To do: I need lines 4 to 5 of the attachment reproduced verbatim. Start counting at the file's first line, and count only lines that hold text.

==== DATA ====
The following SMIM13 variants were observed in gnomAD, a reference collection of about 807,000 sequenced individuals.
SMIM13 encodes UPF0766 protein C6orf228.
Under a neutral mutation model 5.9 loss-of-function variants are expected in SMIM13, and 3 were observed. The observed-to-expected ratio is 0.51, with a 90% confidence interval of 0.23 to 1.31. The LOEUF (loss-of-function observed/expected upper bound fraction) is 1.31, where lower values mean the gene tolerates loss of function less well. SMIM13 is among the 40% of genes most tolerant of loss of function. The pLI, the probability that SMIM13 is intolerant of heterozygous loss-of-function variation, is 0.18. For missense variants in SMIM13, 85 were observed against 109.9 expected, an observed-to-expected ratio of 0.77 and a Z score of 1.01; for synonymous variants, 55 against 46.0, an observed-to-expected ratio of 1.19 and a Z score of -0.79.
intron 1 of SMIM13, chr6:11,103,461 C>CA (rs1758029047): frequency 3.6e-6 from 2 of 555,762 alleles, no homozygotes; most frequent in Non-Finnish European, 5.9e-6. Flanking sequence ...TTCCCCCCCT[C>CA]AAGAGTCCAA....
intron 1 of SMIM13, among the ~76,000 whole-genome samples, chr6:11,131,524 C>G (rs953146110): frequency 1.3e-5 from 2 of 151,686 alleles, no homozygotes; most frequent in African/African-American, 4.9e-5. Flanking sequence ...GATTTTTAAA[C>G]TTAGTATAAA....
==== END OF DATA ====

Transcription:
intron 1 of SMIM13, chr6:11,103,461 C>CA (rs1758029047): frequency 3.6e-6 from 2 of 555,762 alleles, no homozygotes; most frequent in Non-Finnish European, 5.9e-6. Flanking sequence ...TTCCCCCCCT[C>CA]AAGAGTCCAA....
intron 1 of SMIM13, among the ~76,000 whole-genome samples, chr6:11,131,524 C>G (rs953146110): frequency 1.3e-5 from 2 of 151,686 alleles, no homozygotes; most frequent in African/African-American, 4.9e-5. Flanking sequence ...GATTTTTAAA[C>G]TTAGTATAAA....